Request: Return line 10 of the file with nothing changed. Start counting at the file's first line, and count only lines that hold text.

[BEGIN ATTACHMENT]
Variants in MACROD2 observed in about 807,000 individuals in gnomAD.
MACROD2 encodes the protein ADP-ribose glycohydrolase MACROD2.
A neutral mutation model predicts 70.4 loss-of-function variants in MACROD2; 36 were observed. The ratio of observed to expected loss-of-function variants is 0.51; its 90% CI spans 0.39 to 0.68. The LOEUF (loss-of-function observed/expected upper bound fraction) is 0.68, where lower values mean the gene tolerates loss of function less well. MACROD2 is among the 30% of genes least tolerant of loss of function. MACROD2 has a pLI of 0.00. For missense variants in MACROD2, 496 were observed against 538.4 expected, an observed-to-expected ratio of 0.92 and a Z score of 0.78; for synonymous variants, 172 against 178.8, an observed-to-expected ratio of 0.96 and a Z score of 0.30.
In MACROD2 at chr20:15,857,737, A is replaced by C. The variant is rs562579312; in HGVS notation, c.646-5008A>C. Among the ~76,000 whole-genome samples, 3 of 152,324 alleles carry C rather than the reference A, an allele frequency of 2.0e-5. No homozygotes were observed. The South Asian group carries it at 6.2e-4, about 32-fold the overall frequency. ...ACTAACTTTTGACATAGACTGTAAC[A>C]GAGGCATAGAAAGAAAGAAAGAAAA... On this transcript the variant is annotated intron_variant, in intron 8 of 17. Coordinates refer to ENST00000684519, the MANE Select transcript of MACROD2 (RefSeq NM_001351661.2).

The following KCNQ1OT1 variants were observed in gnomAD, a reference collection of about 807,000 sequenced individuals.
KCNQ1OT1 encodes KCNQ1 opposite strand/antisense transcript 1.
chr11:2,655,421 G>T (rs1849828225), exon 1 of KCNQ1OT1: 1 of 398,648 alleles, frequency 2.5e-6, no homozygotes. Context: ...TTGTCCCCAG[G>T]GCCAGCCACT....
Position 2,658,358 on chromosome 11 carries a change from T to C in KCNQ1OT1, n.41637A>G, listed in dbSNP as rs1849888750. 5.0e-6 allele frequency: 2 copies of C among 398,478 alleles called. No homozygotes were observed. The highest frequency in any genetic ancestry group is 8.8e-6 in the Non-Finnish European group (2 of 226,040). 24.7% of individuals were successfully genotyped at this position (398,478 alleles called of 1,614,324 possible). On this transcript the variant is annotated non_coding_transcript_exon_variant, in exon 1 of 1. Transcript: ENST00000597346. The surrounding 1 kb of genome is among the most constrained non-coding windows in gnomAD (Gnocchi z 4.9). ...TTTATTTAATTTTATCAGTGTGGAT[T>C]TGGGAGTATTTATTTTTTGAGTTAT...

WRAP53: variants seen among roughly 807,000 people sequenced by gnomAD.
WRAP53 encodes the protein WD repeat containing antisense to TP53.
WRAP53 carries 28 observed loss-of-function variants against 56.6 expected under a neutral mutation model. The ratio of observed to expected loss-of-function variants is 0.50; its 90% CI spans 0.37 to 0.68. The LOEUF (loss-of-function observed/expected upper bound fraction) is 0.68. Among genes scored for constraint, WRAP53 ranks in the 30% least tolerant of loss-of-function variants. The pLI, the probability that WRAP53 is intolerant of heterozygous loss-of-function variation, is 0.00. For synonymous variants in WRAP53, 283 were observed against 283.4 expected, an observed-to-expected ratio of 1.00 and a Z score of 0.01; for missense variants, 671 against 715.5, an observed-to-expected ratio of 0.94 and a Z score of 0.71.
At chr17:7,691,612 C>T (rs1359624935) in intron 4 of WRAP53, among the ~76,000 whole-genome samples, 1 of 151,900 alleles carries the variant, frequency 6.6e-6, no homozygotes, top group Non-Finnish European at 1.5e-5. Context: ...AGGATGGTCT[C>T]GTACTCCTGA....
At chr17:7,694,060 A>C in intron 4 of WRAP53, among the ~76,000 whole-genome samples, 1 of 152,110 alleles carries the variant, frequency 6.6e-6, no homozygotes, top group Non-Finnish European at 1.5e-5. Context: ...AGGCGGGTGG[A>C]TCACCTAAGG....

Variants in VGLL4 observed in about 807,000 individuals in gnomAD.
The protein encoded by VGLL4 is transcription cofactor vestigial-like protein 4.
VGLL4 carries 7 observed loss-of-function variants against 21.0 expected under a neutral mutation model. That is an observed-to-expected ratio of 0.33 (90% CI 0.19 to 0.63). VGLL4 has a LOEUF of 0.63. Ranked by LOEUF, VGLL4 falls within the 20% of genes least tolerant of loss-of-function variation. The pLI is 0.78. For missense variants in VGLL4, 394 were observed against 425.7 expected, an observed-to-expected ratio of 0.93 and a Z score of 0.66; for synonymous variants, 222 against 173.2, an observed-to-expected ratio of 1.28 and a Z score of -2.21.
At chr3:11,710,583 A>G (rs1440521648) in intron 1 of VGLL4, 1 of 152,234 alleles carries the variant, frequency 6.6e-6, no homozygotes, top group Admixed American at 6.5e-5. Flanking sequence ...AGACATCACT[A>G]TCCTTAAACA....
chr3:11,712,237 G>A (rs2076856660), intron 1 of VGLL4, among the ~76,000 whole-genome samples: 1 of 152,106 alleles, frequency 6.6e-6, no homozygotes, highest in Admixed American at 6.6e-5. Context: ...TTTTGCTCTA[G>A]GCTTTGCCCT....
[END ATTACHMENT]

WRAP53 encodes the protein WD repeat containing antisense to TP53.